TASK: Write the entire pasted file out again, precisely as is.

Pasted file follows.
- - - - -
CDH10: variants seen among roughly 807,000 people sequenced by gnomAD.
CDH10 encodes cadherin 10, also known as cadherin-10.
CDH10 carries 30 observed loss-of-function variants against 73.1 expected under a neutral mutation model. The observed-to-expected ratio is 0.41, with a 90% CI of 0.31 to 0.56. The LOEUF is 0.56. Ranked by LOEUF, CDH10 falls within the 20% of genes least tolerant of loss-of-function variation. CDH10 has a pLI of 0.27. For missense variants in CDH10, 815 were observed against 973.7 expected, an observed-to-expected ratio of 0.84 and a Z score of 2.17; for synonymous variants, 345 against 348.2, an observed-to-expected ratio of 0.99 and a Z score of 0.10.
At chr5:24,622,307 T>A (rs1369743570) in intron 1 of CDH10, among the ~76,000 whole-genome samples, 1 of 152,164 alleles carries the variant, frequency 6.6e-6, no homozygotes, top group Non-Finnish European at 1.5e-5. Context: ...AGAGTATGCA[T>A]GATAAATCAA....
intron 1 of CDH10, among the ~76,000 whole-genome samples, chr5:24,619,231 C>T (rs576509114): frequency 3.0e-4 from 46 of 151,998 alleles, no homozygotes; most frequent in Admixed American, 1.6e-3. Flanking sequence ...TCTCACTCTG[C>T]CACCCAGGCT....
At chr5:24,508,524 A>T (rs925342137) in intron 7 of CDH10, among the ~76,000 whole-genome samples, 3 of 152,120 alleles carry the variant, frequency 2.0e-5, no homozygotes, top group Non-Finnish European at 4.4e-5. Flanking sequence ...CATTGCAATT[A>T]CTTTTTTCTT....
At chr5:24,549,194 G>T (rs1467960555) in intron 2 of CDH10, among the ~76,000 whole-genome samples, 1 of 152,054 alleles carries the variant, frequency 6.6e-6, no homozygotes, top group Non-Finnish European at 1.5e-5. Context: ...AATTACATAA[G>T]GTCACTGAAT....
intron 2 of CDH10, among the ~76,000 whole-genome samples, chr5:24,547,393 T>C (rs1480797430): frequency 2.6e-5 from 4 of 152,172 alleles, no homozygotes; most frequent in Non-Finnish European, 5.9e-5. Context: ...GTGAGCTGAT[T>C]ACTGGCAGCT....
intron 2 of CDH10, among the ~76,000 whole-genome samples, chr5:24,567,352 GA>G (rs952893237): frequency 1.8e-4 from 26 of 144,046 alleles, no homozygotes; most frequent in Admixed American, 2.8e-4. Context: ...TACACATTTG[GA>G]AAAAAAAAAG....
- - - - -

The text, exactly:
CDH10: variants seen among roughly 807,000 people sequenced by gnomAD.
CDH10 encodes cadherin 10, also known as cadherin-10.
CDH10 carries 30 observed loss-of-function variants against 73.1 expected under a neutral mutation model. The observed-to-expected ratio is 0.41, with a 90% CI of 0.31 to 0.56. The LOEUF is 0.56. Ranked by LOEUF, CDH10 falls within the 20% of genes least tolerant of loss-of-function variation. CDH10 has a pLI of 0.27. For missense variants in CDH10, 815 were observed against 973.7 expected, an observed-to-expected ratio of 0.84 and a Z score of 2.17; for synonymous variants, 345 against 348.2, an observed-to-expected ratio of 0.99 and a Z score of 0.10.
At chr5:24,622,307 T>A (rs1369743570) in intron 1 of CDH10, among the ~76,000 whole-genome samples, 1 of 152,164 alleles carries the variant, frequency 6.6e-6, no homozygotes, top group Non-Finnish European at 1.5e-5. Context: ...AGAGTATGCA[T>A]GATAAATCAA....
intron 1 of CDH10, among the ~76,000 whole-genome samples, chr5:24,619,231 C>T (rs576509114): frequency 3.0e-4 from 46 of 151,998 alleles, no homozygotes; most frequent in Admixed American, 1.6e-3. Flanking sequence ...TCTCACTCTG[C>T]CACCCAGGCT....
At chr5:24,508,524 A>T (rs925342137) in intron 7 of CDH10, among the ~76,000 whole-genome samples, 3 of 152,120 alleles carry the variant, frequency 2.0e-5, no homozygotes, top group Non-Finnish European at 4.4e-5. Flanking sequence ...CATTGCAATT[A>T]CTTTTTTCTT....
At chr5:24,549,194 G>T (rs1467960555) in intron 2 of CDH10, among the ~76,000 whole-genome samples, 1 of 152,054 alleles carries the variant, frequency 6.6e-6, no homozygotes, top group Non-Finnish European at 1.5e-5. Context: ...AATTACATAA[G>T]GTCACTGAAT....
intron 2 of CDH10, among the ~76,000 whole-genome samples, chr5:24,547,393 T>C (rs1480797430): frequency 2.6e-5 from 4 of 152,172 alleles, no homozygotes; most frequent in Non-Finnish European, 5.9e-5. Context: ...GTGAGCTGAT[T>C]ACTGGCAGCT....
intron 2 of CDH10, among the ~76,000 whole-genome samples, chr5:24,567,352 GA>G (rs952893237): frequency 1.8e-4 from 26 of 144,046 alleles, no homozygotes; most frequent in Admixed American, 2.8e-4. Context: ...TACACATTTG[GA>G]AAAAAAAAAG....